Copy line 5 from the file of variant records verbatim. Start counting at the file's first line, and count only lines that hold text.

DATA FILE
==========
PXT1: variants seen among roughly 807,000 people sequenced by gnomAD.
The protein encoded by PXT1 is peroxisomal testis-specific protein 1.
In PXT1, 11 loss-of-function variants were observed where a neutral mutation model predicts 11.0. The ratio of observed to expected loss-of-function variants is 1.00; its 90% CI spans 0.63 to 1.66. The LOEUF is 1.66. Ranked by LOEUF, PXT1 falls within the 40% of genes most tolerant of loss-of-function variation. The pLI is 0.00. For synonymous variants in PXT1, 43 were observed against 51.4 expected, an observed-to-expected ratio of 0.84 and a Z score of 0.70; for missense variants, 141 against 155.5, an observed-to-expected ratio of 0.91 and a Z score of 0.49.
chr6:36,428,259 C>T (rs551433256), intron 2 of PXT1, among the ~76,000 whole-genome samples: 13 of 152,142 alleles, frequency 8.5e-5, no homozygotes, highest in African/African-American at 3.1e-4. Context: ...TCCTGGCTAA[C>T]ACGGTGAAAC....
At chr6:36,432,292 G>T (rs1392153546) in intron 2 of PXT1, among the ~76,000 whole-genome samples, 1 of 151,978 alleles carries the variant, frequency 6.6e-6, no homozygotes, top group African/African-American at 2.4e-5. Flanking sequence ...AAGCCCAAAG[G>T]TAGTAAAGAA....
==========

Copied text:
At chr6:36,432,292 G>T (rs1392153546) in intron 2 of PXT1, among the ~76,000 whole-genome samples, 1 of 151,978 alleles carries the variant, frequency 6.6e-6, no homozygotes, top group African/African-American at 2.4e-5. Flanking sequence ...AAGCCCAAAG[G>T]TAGTAAAGAA....